London has a varied array of Christmas lights and displays that will wow, dazzle, and amaze both the young and old. They match, if not surpass, the lights of any other city in the world. However, let me take you back in time, to where the magical show of lights began…
It was in the mid 1800’s that Queen Victoria and her husband Prince Albert, popularised the practice of a Christmas tree in the home, illuminated by candles. However, this was a very dangerous practice due to lit candles being (and still being today) responsible for many a fire. A safer method of lighting Christmas trees was needed. It’s across the pond to the Great Nation of the United States of America that we can thank Thomas Edison the inventor of the modern-day filament lightbulb, for a safer solution.
It is believed that Thomas Edison created the first strand of electrical lights that he hung around his Laboratory in Menlo Park at Christmas 1880. The workers, residents, and passing train passengers were the first to see and experience something that would grow beyond all recognition into a tradition that is loved throughout the world.
The Christmas of 1882 saw Edison’s friend and partner Edward H Johnson create the world’s first string of electric Christmas tree lights. He hand wired 80 bulbs made up of the colours red, white and blue and strung them around his Christmas tree.
Let us head back home to London, it was here that the world-renowned store Selfridges put on an illuminated Christmas display in 1935, it took another nineteen years till 1954 that London’s first Christmas streetlights were put in place the length of Regent Street, it was these two events that have led to the tradition of Christmas streetlights and displays in London were born. In 1959 Oxford Street followed suit and was decorated with festive lights.
Embark on a Christmas Lights Tour of London
Here are just a selection of five Christmas Street lights and displays that you will see on a Black Taxi Tour Christmas Lights Tour, where your personal driver guide will give you some of the local history and events that make our capital city such a great place to visit at Christmas, or any other time:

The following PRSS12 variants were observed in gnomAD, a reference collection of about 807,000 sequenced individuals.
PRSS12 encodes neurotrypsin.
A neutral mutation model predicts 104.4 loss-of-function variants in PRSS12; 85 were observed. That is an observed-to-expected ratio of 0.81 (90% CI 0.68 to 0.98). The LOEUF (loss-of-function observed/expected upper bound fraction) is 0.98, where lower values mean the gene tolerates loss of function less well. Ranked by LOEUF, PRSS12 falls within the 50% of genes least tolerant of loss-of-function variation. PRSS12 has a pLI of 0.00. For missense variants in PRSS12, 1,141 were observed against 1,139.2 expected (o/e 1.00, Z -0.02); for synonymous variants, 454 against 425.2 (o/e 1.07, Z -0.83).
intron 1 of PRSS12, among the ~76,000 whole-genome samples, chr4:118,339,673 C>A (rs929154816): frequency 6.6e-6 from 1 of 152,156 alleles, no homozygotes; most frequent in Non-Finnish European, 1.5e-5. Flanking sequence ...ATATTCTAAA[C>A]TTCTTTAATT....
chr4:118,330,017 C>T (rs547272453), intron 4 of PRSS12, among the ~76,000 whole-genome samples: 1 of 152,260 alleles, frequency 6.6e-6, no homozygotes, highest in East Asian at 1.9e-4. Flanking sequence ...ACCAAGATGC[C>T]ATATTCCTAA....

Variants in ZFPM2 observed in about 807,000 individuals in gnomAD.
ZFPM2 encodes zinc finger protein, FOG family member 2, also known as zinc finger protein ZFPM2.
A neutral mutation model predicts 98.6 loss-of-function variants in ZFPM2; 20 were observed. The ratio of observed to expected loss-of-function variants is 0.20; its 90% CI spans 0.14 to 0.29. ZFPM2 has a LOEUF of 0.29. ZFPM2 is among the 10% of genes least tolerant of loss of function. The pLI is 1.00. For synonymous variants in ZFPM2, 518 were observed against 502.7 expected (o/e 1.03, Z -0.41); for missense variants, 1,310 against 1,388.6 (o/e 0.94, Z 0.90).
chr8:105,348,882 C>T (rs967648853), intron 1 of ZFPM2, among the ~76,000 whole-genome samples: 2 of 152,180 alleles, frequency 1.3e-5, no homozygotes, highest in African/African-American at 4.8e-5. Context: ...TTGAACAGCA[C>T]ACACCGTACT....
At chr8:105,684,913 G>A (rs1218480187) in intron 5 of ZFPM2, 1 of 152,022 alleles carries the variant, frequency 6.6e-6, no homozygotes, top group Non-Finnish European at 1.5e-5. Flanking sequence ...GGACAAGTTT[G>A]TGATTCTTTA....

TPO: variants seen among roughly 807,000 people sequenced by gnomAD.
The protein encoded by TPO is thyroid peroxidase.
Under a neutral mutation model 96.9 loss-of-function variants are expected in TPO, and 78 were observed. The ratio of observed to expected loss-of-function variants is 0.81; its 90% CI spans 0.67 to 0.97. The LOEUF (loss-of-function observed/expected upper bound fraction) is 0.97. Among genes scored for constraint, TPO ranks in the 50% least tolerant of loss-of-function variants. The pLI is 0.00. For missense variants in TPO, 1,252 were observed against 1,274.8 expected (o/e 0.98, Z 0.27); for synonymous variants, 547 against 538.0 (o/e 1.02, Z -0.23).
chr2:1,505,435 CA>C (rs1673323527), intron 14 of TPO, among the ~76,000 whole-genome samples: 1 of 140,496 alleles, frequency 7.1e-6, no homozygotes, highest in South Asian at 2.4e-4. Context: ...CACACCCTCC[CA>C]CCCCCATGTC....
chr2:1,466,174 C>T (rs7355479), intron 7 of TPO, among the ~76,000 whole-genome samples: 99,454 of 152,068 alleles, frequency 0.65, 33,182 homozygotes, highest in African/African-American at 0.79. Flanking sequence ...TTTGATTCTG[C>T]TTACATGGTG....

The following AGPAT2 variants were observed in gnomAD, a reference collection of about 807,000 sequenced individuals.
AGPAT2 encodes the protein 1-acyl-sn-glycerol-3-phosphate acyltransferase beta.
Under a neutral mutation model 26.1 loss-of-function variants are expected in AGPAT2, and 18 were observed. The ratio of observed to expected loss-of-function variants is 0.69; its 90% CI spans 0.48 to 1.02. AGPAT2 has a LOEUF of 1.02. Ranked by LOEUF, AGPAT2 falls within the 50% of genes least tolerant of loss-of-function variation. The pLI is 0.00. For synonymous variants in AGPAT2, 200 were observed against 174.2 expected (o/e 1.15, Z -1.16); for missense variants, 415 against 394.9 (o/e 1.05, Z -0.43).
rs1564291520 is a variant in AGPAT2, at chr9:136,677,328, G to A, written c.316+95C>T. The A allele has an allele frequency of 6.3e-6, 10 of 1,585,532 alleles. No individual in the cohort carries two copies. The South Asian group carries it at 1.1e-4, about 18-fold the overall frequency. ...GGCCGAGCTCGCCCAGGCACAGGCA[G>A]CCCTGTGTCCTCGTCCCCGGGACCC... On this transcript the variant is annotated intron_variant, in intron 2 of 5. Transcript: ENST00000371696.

Oxford Street (where it all started with Selfridges)
Oxford Street being the first to illuminate this year, it will have approximately 5000 stars made up of 300,000 led bulbs.
In Regent Street, you will see the ‘The Spirit of Christmas’ lights based on the 1950’s Angels that first lined this boulevard.
Carnaby Street has been at the centre of fashion since the end of WWII. When you visit the theme is where you will see a compilation of the last 25 years of Christmas lighting.
Covent Garden is always a treat, when visiting you feel the history of the 17th, 18th, and 19th Century seeping through the fabric of the buildings. On a visit you will see the lovely lit 60 ft Christmas tree, mirrored baubles, mistletoe (what a great reason to ask a loved one for a kiss), this year they now have a reconditioned 1884, repainted Christmas Sleigh in the South Hall where you can get a photo, (it is roped off between the hours of 21:00 and 09:00).
Trafalgar Square Christmas Tree
Each year since 1947 the people of Britain have received a Norwegian Spruce tree from the people of Norway and erected it in Trafalgar Square.
It was King Haakon VII of Norway that started the tradition of gifting a Norwegian Spruce (Christmas Tree) each year, in gratitude to the British people. Along with the crown prince and the government in exile, King Haakon escaped the Nazi invasion during WWII onboard HMS Devonshire, going into exile in the UK but not before King Haakon, stated that the ‘Crown of Norway must not leave the country’, King Haakon VII climbed cliffs and hid the Crown of Norway in a cave, where it was retrieved upon his return. Indeed, it may be Frank, your BTTL guide, whose family erected the gifted Norwegian Spruce Tree until recently!
We look forward to seeing some of you on one of our popular Christmas Light Tours of London this year. They are the highlight of our year.
Wishing you a Merry Christmas, may there be peace on earth and goodwill to all.